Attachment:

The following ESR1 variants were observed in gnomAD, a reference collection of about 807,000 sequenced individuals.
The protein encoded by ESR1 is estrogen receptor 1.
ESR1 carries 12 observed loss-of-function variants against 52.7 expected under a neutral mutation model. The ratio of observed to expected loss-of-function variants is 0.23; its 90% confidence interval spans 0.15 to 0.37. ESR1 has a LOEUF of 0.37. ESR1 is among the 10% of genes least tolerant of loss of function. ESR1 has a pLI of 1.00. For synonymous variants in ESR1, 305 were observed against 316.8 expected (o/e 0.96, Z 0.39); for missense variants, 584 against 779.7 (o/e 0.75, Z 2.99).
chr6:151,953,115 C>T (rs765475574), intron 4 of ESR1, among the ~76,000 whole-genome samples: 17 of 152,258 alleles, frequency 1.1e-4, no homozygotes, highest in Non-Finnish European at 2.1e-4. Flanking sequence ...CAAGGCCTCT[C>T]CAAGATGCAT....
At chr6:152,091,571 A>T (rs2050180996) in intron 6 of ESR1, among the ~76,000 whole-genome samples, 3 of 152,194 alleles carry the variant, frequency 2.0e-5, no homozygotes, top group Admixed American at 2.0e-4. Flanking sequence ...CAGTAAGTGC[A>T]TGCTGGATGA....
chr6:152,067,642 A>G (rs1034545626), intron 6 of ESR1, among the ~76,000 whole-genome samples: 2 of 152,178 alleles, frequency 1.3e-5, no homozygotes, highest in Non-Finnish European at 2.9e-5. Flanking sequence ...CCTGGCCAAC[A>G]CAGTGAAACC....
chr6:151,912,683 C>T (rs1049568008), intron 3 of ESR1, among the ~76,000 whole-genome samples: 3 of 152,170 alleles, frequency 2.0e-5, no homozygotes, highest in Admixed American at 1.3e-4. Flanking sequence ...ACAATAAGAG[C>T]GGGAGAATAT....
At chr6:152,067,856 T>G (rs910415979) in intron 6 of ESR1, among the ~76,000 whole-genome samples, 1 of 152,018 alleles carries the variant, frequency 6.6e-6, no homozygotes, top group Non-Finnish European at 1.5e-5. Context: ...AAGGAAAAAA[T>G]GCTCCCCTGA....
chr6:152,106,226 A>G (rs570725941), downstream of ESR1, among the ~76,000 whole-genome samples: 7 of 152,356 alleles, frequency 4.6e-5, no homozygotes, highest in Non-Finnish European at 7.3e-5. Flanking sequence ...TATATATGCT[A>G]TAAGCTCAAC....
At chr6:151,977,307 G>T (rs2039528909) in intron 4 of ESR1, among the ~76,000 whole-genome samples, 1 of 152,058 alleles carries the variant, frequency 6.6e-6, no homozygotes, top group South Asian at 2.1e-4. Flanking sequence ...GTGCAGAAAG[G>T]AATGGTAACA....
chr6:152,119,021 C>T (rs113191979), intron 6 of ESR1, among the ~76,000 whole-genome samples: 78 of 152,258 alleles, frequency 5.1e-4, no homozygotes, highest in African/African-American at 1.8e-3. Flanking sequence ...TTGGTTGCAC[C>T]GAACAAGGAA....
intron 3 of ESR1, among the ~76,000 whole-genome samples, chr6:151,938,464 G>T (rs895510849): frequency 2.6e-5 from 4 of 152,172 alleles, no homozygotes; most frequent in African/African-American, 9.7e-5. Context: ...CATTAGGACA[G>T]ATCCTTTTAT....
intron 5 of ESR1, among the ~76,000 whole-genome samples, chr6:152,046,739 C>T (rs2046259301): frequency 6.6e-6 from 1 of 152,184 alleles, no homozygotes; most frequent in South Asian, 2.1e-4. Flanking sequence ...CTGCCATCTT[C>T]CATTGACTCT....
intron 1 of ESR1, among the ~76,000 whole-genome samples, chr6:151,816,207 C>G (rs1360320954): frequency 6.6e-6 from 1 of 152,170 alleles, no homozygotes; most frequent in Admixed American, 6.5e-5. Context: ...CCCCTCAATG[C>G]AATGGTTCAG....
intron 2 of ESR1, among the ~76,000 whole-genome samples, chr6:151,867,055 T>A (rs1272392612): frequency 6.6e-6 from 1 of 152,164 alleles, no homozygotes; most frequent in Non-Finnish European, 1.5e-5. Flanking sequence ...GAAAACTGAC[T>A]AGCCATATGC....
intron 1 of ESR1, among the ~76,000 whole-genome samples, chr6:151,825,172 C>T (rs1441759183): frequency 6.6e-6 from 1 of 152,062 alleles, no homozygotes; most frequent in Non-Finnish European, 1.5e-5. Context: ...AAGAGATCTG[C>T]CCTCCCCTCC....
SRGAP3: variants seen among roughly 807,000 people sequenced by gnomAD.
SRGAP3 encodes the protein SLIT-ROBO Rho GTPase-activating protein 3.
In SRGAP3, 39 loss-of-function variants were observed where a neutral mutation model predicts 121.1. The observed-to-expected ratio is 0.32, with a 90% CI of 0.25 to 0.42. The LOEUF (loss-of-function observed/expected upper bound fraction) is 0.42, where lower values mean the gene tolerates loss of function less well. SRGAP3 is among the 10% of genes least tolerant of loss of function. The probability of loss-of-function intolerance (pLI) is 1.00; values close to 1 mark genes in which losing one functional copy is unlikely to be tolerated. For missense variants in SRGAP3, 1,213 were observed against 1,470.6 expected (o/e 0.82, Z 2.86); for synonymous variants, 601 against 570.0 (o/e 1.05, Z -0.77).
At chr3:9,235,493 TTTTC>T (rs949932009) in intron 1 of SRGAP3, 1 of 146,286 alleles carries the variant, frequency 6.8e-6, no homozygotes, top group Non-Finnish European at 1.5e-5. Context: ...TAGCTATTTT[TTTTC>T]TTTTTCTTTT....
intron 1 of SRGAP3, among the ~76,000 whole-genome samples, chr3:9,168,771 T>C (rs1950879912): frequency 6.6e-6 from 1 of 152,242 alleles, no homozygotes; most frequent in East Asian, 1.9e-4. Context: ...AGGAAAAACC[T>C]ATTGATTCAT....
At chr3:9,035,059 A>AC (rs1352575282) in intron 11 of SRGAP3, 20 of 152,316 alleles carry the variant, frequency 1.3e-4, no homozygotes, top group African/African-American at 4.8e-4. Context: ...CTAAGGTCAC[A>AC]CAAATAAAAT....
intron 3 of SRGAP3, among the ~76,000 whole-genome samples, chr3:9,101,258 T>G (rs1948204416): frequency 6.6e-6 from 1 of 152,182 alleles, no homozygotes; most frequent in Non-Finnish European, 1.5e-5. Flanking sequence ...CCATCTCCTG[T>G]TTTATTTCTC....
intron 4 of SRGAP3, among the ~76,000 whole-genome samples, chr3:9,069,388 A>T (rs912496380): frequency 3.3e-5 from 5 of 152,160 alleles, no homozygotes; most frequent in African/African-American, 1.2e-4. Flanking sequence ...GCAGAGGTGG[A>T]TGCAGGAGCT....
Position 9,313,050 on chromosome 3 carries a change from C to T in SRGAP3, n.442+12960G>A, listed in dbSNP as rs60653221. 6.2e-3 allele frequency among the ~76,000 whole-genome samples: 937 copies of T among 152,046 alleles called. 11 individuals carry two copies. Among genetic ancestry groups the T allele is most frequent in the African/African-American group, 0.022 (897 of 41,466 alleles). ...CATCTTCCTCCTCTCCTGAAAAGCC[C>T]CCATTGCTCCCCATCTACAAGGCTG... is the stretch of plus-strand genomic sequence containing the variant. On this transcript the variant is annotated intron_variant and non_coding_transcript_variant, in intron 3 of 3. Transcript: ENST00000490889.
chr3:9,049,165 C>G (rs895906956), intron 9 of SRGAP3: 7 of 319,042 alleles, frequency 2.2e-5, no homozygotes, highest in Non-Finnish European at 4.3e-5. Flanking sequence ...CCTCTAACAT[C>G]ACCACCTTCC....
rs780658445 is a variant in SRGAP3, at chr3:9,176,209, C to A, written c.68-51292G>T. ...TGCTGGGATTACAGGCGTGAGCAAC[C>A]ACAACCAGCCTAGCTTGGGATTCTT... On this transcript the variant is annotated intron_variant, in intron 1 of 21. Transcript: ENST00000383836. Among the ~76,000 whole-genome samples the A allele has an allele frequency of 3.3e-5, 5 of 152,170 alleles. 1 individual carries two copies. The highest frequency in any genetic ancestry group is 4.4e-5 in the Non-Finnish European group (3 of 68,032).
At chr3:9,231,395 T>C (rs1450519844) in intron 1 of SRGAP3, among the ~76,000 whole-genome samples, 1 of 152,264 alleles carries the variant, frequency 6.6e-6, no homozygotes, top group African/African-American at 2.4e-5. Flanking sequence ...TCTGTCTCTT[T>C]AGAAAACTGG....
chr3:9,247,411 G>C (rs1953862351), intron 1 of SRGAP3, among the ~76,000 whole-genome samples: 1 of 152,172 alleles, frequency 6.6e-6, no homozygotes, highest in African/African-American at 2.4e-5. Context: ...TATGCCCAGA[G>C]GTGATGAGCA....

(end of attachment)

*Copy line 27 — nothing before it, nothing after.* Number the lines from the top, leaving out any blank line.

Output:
rs780658445 is a variant in SRGAP3, at chr3:9,176,209, C to A, written c.68-51292G>T. ...TGCTGGGATTACAGGCGTGAGCAAC[C>A]ACAACCAGCCTAGCTTGGGATTCTT... On this transcript the variant is annotated intron_variant, in intron 1 of 21. Transcript: ENST00000383836. Among the ~76,000 whole-genome samples the A allele has an allele frequency of 3.3e-5, 5 of 152,170 alleles. 1 individual carries two copies. The highest frequency in any genetic ancestry group is 4.4e-5 in the Non-Finnish European group (3 of 68,032).